Consumer Reports, in a September comparison between locks and freezes, said freezes were in general a better option than locks because freezes are guaranteed by law, as locks are an agreement between you and the credit bureau. In addition, the report noted, freezes are in general cheaper (perhaps free).

Regardless of which you choose, a fraud alert is a good thing to add on. It is free, lasts 90 days (you’ll need to extend it), and requires creditors to verify your identity. You only have to call one of the three credit bureaus, and they’re required to notify the other two.

For more helpful information about the three options, including a comparison chart, visit


Credit freeze over data breach should be free, AG Hood says

Source: Credit freeze over data breach should be free, AG Hood says,

Mississippi’s attorney general is calling on two of the nation’s “Big 3” credit reporting agencies to immediately end the practice of charging fees for consumers to freeze their credit accounts in the wake of the massive data breach that affected their counterpart Equifax.

Following the news that more than 145 million Americans (including about 1.3 million Mississippians) were at risk after hackers broke into Equifax’s database over several weeks this summer, consumer advocates urged consumers to “freeze” their credit reports. A credit freeze effectively keeps anyone from using credit bureau files to open new accounts, and stays in place until removed by the consumer.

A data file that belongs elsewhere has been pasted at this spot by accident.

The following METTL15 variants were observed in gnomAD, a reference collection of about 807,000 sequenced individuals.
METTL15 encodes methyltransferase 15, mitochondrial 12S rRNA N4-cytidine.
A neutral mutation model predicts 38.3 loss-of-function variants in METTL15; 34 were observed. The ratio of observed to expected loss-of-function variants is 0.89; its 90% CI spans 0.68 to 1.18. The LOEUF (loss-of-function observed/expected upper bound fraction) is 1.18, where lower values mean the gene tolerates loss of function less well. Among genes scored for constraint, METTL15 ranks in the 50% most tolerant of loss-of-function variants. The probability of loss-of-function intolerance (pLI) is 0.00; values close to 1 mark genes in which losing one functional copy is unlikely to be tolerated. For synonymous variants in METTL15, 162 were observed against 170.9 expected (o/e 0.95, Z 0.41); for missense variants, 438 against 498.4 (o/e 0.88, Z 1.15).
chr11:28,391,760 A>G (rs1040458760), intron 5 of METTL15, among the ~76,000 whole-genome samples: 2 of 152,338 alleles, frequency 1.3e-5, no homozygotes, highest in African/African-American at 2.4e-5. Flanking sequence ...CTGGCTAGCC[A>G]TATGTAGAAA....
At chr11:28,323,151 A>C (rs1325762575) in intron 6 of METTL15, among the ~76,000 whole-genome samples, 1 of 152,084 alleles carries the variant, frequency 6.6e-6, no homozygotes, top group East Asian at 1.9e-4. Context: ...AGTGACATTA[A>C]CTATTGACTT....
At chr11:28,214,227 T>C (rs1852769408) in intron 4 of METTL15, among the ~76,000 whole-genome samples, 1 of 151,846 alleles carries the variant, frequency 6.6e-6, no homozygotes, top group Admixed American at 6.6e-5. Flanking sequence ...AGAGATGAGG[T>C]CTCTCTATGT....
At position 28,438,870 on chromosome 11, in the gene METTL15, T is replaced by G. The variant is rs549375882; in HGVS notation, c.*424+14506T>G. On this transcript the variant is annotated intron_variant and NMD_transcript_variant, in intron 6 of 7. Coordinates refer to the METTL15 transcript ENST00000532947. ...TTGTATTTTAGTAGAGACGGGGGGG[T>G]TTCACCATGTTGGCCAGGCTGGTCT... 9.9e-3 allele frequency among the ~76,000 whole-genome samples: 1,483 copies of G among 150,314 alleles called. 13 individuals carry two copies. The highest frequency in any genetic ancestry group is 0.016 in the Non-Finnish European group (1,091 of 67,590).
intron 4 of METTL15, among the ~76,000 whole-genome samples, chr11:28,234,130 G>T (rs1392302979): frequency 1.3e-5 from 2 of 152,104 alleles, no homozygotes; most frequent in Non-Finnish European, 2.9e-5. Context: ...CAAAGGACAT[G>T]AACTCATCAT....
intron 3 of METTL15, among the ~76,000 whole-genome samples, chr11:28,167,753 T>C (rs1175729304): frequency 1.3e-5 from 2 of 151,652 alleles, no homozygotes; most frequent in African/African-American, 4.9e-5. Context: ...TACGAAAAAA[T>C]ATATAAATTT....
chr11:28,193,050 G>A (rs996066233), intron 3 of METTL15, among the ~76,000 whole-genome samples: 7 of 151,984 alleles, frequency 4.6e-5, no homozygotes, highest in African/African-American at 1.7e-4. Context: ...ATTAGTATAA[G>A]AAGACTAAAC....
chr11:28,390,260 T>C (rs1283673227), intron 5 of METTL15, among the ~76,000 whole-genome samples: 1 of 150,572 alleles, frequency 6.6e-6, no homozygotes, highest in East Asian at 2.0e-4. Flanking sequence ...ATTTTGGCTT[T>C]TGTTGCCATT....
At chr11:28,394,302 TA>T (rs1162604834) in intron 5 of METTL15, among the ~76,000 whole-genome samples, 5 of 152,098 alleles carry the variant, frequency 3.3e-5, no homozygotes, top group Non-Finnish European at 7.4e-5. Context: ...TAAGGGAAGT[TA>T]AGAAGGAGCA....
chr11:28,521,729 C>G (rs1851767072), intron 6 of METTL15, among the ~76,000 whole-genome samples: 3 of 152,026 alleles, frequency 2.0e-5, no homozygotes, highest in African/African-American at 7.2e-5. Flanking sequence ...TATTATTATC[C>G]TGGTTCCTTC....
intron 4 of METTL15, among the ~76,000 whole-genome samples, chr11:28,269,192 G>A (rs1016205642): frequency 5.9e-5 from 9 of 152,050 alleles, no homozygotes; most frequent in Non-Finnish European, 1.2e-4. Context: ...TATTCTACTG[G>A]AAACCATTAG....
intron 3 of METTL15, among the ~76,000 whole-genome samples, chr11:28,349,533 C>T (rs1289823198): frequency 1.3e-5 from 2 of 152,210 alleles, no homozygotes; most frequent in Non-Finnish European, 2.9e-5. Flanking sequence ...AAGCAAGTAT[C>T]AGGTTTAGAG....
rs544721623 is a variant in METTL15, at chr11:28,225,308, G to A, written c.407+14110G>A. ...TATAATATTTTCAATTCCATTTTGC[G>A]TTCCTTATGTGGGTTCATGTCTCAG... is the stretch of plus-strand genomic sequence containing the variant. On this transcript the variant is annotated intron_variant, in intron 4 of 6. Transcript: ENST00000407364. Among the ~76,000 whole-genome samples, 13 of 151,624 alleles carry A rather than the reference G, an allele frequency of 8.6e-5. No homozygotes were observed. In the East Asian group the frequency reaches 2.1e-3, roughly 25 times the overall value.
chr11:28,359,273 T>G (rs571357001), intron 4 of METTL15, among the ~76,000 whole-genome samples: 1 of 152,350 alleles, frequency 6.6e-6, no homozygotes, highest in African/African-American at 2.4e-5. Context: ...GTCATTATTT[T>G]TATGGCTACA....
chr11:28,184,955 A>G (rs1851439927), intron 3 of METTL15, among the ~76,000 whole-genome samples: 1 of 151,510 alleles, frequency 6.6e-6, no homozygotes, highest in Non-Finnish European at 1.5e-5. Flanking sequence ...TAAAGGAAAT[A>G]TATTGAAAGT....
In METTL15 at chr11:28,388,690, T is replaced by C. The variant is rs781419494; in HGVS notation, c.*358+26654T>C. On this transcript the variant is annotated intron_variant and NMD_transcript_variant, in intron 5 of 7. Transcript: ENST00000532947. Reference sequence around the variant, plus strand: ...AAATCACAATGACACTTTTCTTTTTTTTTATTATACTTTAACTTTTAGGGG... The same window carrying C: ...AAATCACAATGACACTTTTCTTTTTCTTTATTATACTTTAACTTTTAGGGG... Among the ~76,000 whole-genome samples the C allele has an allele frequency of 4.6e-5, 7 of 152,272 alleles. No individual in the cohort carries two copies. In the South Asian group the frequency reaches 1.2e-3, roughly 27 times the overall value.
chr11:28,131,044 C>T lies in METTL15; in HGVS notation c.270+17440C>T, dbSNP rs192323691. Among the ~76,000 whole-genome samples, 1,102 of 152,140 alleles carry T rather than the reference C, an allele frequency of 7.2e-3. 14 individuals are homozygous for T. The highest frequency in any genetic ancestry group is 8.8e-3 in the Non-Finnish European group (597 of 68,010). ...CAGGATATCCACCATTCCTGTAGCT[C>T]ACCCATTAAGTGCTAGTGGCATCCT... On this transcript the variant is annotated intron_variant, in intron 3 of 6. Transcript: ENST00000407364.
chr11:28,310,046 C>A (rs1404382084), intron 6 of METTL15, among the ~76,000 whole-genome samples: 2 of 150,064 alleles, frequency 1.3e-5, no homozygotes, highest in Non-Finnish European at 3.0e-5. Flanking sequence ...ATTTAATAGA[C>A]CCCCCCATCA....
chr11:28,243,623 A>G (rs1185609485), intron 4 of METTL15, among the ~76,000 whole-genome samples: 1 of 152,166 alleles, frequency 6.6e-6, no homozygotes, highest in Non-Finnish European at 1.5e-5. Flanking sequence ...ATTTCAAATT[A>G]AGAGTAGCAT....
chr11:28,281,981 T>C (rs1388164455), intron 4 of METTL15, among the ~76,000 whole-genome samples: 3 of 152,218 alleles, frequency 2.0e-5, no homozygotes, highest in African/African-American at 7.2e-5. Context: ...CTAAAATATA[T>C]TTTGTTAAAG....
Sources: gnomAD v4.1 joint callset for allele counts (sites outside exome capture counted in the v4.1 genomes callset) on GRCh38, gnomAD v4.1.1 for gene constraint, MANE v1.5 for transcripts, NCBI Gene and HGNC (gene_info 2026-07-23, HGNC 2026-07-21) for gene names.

But when people tried to freeze their credit files with Equifax, they were told they’d have to pay a fee. The resulting outrage made Equifax reconsider its decision, and it agreed to waive its fees to freeze accounts. The company’s response to the crisis cost CEO Richard Smith his job and cast doubt on the company’s future.

But despite pressure, TransUnion and Experian didn’t waive their own fees to freeze consumers’ accounts. Mississippi Attorney General Jim Hood and 35 of his counterparts want to change that. Hood sent out a news release last week, saying the group had sent letters to TransUnion and Experian urging them to waive their fees immediately or they’d send the bill for all the agencies’ fees to Equifax.
“If these agencies do not waive their fees, I intend to make Equifax pay for the fees that victims have incurred due to their hack,” Hood said in the release. “For customers who have already paid fees to place a freeze on their account, Equifax must reimburse them.”
Immediately after that breach, Hood and his counterparts forced Equifax to extend their free credit monitoring through the end of January. Still, he argues, it’s not enough. “Although Equifax also agreed to waive fees for its security freezes, people are still having to pay fees at other agencies,” Hood’s release noted.
“While it is legal in Mississippi to charge up to $10 to place a freeze on credit reports, General Hood believes a measure to waive that fee in extreme situations such as this breach should be seriously considered.” He noted that credit reporting agencies profit by selling consumers’ information, “and they have a responsibility to protect that same information.”